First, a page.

The practice of mindfulness, exercising good judgment, calming the senses, being aware of time, place and the self apart from inculcating a good lifestyle are some of the tips that Charaka postulates for imbibing good health.

The notion of Deha-Prakriti, which means ‘the nature of the body,’ distinguishes Charaka’s Ayurveda as a highly personalised medical discipline.

Each person at the time of conception is thought to be endowed with a particular nature (Prakriti), which determines his predisposition to diseases. This justifies the immense emphasis paid on the history of a person while prescribing medication.

The nature of wisdom and its exercise is another factor that is central to Charaka’s concept of good health. For this reason, as much for the practical aspects of his encyclopedic work, Charaka become quite popular during the early 19th Century.

Charaka mania fueled the circle of doctors in New York to establish a Charaka Club. This inexplicably filtered to the educated nationalist Indian elite who were searching and yearning to discover their historical roots.

Lately, however, Charaka’s popularity has declined to a great extent.

Irrespective of the such drifting upheavals, what sets Charaka’s monumental work uniquely apart from modern medical science and indeed from the medical profession itself, is its farsightedness to visualize the body as a part of a vast, natural and cosmic system of causality.

Urban India, with its concomitant stress and competition, can find solace by embracing Charaka’s teachings on healthy living, and thereby avoid the sight of a medical complex for good.

Click here for reuse options!
Copyright 2015 NewsGram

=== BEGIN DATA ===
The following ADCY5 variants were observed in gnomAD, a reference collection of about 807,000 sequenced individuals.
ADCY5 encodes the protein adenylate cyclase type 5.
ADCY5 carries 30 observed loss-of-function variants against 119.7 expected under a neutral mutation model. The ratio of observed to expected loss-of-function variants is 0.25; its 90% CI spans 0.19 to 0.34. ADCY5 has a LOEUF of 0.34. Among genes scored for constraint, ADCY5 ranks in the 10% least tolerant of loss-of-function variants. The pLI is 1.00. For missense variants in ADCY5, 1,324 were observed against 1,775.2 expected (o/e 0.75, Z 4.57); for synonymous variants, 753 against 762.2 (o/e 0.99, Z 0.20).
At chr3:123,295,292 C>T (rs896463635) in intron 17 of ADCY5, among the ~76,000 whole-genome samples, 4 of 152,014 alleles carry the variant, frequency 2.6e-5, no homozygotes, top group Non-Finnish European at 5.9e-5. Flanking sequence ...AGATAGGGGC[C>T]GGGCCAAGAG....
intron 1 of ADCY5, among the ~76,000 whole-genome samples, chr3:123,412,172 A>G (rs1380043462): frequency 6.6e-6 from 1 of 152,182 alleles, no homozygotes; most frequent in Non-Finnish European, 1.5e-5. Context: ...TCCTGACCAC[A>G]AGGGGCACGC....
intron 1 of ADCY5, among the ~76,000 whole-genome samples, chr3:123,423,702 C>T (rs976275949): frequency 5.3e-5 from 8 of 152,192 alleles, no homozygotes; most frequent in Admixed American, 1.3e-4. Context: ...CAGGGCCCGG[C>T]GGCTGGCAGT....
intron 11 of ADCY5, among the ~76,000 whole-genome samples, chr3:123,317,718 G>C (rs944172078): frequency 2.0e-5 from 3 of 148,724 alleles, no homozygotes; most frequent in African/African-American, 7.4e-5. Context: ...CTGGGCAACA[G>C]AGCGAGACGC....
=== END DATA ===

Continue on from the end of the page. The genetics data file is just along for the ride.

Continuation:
Next Story

Samsung Brings its First Smartphone With Triple Camera in India

Samsung is offering cash back worth Rs 2,000 on the smartphone when buyers make payment through HDFC bank credit and debit cards

0
Samsung
Samsung's first triple camera smartphone in India. Flickr

Samsung India on Tuesday launched Galaxy A7 with triple rear cameras for Rs 23,990 in blue, black and gold colours.

The smartphone is slated to be available in over 180,000 outlets by September-end. It will be available on September 27 and 28 during a special preview sale on Flipkart, Samsung e-shop and at Samsung Opera House in Bengaluru.

“We are expecting to disrupt the market and gain significant share specifically in our ‘A Series’. So this is the first triple camera phone that we are bringing to the market which we have not even launched in our flagship segment but the whole idea is to really expand this series,” Mohandeep Singh, Senior Vice President, Mobile Business, Samsung India told IANS.

The Galaxy A7 sports 24MP main + 5MP live focus + 8MP ultra-wide sensors at the rear and a 24 MP selfie shooter.

The device features a 6.0-inch FHD+ super AMOLED Infinity Display and also supports Dolby Atmos immersive sound technology that brings HD content to life.

It has a 2.5D glass back design, 7.5-mm body and a side fingerprint sensor which has been integrated into the power button itself.

Samsung
The device will be available in 6GB RAM+128GB storage and 4GB RAM+64GB storage configurations.

“The new colours and a side fingerprint sensor deliver a refreshed design. We are confident that with this device, we will capture the imagination of the Indian millennial and be able to add to the celebrations during the festive season,” said Sumit Walia, Director, Mobile Business, Samsung India.

Galaxy A7 is powered by a Samsung’s proprietary Exynos 7885 2.2GHz octa-core processor.

The device will be available in 6GB RAM+128GB storage and 4GB RAM+64GB storage configurations.

You May Also Like to Read About- Google Rolls Out A Major Update Revamping its ‘Feed’ Feature

The smartphone is powered by a 3300mAh battery and runs Android Oreo operating system (OS).

Samsung is offering cash back worth Rs 2,000 on the smartphone when buyers make payment through HDFC bank credit and debit cards. (IANS)